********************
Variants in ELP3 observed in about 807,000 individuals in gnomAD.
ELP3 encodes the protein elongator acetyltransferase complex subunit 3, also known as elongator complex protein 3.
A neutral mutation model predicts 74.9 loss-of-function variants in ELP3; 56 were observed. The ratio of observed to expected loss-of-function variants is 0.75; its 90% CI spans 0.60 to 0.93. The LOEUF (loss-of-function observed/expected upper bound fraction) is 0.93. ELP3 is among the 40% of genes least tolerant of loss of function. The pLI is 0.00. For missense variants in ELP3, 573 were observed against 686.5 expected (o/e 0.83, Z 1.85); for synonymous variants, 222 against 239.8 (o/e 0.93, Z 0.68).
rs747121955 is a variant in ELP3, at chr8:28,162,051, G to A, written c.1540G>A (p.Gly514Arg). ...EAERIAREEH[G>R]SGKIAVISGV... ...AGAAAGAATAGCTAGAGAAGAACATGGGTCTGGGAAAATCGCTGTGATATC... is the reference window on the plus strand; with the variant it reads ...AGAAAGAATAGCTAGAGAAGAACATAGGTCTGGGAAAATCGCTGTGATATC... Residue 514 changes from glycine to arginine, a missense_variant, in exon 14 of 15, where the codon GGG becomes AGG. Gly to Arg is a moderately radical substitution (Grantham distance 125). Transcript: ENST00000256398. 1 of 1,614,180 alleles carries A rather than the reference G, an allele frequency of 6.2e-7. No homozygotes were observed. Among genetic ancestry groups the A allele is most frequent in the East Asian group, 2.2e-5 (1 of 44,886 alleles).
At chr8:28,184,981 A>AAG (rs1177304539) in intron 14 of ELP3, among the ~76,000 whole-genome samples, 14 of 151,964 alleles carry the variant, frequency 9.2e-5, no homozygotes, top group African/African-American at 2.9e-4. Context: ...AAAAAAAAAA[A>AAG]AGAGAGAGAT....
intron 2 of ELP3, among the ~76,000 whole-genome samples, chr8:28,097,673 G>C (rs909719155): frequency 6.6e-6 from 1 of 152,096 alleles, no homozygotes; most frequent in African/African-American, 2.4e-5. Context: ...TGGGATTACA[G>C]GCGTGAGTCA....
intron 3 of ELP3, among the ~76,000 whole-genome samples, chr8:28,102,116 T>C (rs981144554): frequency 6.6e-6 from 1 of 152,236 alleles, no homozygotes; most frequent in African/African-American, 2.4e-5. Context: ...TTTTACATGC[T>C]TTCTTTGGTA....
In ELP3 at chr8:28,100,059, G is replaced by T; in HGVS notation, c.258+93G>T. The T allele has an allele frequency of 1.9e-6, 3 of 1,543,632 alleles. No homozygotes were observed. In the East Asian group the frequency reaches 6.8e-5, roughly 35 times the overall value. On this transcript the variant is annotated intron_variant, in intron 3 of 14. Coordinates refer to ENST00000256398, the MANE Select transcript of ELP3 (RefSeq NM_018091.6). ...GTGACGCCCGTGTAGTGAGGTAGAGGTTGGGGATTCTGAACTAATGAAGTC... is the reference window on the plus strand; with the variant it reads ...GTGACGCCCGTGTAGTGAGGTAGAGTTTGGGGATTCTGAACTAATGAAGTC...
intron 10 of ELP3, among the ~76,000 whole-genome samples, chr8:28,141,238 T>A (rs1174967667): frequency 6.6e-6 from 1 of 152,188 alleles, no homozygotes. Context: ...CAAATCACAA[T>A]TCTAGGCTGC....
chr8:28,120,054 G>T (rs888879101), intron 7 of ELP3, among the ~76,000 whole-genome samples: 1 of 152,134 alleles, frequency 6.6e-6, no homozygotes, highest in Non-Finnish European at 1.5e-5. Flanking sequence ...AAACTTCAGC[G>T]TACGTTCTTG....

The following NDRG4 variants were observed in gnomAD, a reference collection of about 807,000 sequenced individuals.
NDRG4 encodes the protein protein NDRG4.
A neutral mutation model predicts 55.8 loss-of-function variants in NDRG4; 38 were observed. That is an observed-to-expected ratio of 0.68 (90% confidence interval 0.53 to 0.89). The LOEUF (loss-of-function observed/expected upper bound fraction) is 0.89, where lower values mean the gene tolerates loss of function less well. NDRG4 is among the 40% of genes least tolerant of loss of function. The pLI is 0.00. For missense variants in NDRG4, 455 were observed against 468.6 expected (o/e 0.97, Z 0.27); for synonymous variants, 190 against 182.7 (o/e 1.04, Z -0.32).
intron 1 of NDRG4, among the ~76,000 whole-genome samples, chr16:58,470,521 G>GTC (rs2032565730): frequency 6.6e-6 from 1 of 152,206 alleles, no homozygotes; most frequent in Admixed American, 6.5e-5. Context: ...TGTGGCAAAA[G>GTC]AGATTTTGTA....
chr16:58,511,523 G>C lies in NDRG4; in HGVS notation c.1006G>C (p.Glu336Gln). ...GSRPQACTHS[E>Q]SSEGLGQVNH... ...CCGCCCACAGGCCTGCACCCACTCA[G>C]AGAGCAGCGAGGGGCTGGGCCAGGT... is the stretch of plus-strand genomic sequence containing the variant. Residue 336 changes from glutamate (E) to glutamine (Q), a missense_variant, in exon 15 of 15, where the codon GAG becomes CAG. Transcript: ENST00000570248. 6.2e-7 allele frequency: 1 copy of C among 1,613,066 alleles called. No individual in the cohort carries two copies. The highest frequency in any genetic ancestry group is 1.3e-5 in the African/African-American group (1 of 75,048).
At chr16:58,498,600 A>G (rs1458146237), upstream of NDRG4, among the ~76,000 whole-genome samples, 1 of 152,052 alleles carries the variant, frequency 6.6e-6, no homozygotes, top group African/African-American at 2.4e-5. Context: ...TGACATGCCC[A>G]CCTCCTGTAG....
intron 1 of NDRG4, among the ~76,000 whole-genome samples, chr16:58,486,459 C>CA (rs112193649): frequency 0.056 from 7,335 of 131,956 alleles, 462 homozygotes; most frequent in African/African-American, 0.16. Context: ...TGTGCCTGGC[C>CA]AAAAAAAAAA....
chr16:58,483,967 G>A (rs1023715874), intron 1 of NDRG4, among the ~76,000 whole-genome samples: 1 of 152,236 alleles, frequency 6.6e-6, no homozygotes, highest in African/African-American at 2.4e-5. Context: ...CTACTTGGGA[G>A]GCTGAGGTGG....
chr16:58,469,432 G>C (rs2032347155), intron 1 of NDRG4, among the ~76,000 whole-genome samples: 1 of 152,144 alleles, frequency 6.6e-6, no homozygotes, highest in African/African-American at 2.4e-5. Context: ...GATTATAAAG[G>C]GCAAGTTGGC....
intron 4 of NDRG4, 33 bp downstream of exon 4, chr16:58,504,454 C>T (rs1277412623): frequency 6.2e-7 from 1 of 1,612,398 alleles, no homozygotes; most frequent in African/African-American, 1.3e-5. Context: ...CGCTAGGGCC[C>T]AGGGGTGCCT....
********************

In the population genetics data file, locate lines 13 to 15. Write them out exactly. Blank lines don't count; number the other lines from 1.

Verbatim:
A neutral mutation model predicts 55.8 loss-of-function variants in NDRG4; 38 were observed. That is an observed-to-expected ratio of 0.68 (90% confidence interval 0.53 to 0.89). The LOEUF (loss-of-function observed/expected upper bound fraction) is 0.89, where lower values mean the gene tolerates loss of function less well. NDRG4 is among the 40% of genes least tolerant of loss of function. The pLI is 0.00. For missense variants in NDRG4, 455 were observed against 468.6 expected (o/e 0.97, Z 0.27); for synonymous variants, 190 against 182.7 (o/e 1.04, Z -0.32).
intron 1 of NDRG4, among the ~76,000 whole-genome samples, chr16:58,470,521 G>GTC (rs2032565730): frequency 6.6e-6 from 1 of 152,206 alleles, no homozygotes; most frequent in Admixed American, 6.5e-5. Context: ...TGTGGCAAAA[G>GTC]AGATTTTGTA....
chr16:58,511,523 G>C lies in NDRG4; in HGVS notation c.1006G>C (p.Glu336Gln). ...GSRPQACTHS[E>Q]SSEGLGQVNH... ...CCGCCCACAGGCCTGCACCCACTCA[G>C]AGAGCAGCGAGGGGCTGGGCCAGGT... is the stretch of plus-strand genomic sequence containing the variant. Residue 336 changes from glutamate (E) to glutamine (Q), a missense_variant, in exon 15 of 15, where the codon GAG becomes CAG. Transcript: ENST00000570248. 6.2e-7 allele frequency: 1 copy of C among 1,613,066 alleles called. No individual in the cohort carries two copies. The highest frequency in any genetic ancestry group is 1.3e-5 in the African/African-American group (1 of 75,048).